Tracy, Minnesota, is not a town you’d expect to become a hotbed of fraud.
It’s named for railroad official John F. Tracy, and people still celebrate its days as a hub for Chicago and Northwestern Railway lines with Boxcar Days. It’s the kind of town where the entire high school graduating class includes 48 seniors. The city’s website will tell you that “many” claim the town’s Labor Day parade is the largest in southwest Minnesota.
On July 3, the town of 2,000 was pummeled by a foot of rain. Water flowed over roads and manhole covers popped. Residents woke to find raw sewage in their basements and sheetrock gone pulpy from the wet.
Soaked and miserable, Tracy faced an enormous cleanup. That’s when residents started getting calls from people saying they were with “FEMA” -- the Federal Emergency Management Agency.
They offered to help residents get their lives back by sending cleanup crews to dry out their basements and bolster their walls, and get human waste as far away from them as possible. All they needed was a huge down payment in advance.
The calls were scams. FEMA provides disaster assistance in the form of grants, which help pay for temporary housing or fixing up homes. None of that requires a down payment up front. But for a scammer, a flood is an ample opportunity.
“Seventy-five percent of the town has water damage of some kind,” Tracy Police Chief Jason Lichty says. All of Tracy is ripe for the taking.
The FEMA scam is one of the older tricks in the book. Every time there’s huge flooding -- like hurricanes Maria, Harvey, and Irma -- FEMA puts out another press release warning people about fraudsters who want upfront money for cleanup, or demand overdue flood insurance payments. Sometimes scammers even knock on doors and claim they’re there to help flood survivors with their grant applications. FEMA never asks for money, the agency says.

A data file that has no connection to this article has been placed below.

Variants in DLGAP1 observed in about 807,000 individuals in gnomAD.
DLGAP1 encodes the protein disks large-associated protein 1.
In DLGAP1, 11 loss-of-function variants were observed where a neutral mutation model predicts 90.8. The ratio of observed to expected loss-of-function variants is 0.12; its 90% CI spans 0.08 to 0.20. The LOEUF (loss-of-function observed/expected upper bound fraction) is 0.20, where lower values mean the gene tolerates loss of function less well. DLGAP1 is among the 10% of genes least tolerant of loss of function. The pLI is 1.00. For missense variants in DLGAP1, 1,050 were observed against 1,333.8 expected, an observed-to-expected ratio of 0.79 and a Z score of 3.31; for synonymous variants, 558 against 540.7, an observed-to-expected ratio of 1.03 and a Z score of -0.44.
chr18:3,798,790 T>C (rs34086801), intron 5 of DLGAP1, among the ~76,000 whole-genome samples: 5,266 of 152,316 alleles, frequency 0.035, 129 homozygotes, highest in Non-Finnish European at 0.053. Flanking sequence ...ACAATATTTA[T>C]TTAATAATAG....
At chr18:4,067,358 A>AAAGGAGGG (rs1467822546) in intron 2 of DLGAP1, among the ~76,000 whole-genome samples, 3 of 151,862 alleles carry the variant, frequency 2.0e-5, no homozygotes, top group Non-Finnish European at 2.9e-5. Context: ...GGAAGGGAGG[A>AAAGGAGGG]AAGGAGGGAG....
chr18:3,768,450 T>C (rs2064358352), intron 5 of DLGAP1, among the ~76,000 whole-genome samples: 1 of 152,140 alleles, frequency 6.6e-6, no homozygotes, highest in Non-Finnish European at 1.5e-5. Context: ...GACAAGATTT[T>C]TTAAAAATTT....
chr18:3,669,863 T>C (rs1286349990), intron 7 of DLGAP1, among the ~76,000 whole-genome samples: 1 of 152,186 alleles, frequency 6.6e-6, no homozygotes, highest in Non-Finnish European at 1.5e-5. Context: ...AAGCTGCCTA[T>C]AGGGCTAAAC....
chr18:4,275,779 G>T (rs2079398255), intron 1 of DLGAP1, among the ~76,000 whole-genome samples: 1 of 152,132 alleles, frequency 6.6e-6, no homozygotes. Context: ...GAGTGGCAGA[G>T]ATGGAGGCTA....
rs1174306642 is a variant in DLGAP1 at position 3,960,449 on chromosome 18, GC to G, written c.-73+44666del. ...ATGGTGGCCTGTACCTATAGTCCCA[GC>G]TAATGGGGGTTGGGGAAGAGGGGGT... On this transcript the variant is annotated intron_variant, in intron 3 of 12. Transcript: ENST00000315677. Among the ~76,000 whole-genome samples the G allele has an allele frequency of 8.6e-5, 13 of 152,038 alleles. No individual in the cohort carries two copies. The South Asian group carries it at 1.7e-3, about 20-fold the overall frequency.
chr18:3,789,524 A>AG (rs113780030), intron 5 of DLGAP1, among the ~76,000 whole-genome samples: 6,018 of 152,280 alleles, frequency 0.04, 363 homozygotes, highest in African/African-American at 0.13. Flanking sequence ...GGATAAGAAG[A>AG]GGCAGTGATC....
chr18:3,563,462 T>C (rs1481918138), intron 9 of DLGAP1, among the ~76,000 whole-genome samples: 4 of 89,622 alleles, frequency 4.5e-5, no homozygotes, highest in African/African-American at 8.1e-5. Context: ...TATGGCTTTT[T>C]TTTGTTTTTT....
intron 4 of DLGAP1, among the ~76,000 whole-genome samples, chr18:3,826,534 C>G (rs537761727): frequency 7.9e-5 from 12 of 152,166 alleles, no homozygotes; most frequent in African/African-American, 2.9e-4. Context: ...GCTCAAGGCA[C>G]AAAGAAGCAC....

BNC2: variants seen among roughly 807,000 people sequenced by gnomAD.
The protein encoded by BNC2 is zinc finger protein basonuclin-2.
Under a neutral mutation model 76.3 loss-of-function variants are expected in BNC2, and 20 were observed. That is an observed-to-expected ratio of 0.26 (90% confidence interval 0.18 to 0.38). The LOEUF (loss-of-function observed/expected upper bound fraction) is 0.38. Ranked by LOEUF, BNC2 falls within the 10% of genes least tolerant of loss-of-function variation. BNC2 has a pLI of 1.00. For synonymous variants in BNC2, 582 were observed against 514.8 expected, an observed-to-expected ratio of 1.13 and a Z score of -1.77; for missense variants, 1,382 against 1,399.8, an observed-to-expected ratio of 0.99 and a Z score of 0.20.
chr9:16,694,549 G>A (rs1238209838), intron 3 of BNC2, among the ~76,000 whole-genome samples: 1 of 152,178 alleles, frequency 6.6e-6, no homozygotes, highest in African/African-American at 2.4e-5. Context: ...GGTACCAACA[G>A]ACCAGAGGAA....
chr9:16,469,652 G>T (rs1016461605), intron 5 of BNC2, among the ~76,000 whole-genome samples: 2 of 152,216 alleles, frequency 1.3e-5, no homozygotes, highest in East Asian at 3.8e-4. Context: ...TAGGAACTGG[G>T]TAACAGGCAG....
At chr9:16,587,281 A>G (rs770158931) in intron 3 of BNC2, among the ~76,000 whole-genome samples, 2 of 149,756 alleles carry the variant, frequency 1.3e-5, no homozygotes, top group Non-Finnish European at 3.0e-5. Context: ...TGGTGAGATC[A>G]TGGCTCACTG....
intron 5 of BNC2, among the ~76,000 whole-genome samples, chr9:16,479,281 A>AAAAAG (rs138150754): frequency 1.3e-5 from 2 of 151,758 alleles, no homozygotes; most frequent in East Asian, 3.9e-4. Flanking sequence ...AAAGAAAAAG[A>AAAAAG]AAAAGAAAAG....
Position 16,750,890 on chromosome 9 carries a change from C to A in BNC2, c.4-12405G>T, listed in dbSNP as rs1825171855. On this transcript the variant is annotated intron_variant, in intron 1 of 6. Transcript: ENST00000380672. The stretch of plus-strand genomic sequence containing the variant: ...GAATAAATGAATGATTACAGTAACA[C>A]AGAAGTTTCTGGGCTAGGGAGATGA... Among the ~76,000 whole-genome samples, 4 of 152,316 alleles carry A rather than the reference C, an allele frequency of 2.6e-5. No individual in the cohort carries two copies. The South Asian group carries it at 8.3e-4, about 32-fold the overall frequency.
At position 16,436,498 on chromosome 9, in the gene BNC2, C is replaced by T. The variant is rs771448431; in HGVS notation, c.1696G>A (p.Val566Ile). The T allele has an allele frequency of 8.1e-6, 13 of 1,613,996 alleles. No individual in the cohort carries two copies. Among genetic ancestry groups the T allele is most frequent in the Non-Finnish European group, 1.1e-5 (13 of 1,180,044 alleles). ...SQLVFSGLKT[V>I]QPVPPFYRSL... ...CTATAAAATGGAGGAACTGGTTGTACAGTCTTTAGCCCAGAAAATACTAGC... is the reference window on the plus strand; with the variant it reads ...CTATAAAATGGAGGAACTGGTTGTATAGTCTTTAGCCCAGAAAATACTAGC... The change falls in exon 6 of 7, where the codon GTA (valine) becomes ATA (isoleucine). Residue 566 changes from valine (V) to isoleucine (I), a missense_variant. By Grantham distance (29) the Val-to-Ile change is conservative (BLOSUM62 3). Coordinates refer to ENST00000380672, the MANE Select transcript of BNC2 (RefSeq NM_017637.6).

But time and time again, people fall for it.
One of the more insidious variations on this scheme came in the months after Harvey made a mess of Houston. Scammers would call homeowners and get their personal information, then turn around and use it to apply for aid in their names. The scammer gets the money, the homeowner gets nothing.
The Tracy Police Department put up a warning on its Facebook page, telling residents not to offer or accept any money from callers claiming to be FEMA.
When these scams resurface, police advise the use of common sense and asking for credentials.
Common sense is easy to tout when all is well and Boxcar Days is just around the corner. It’s not as easy when your basement is flooded and a stranger is telling you help is on the way.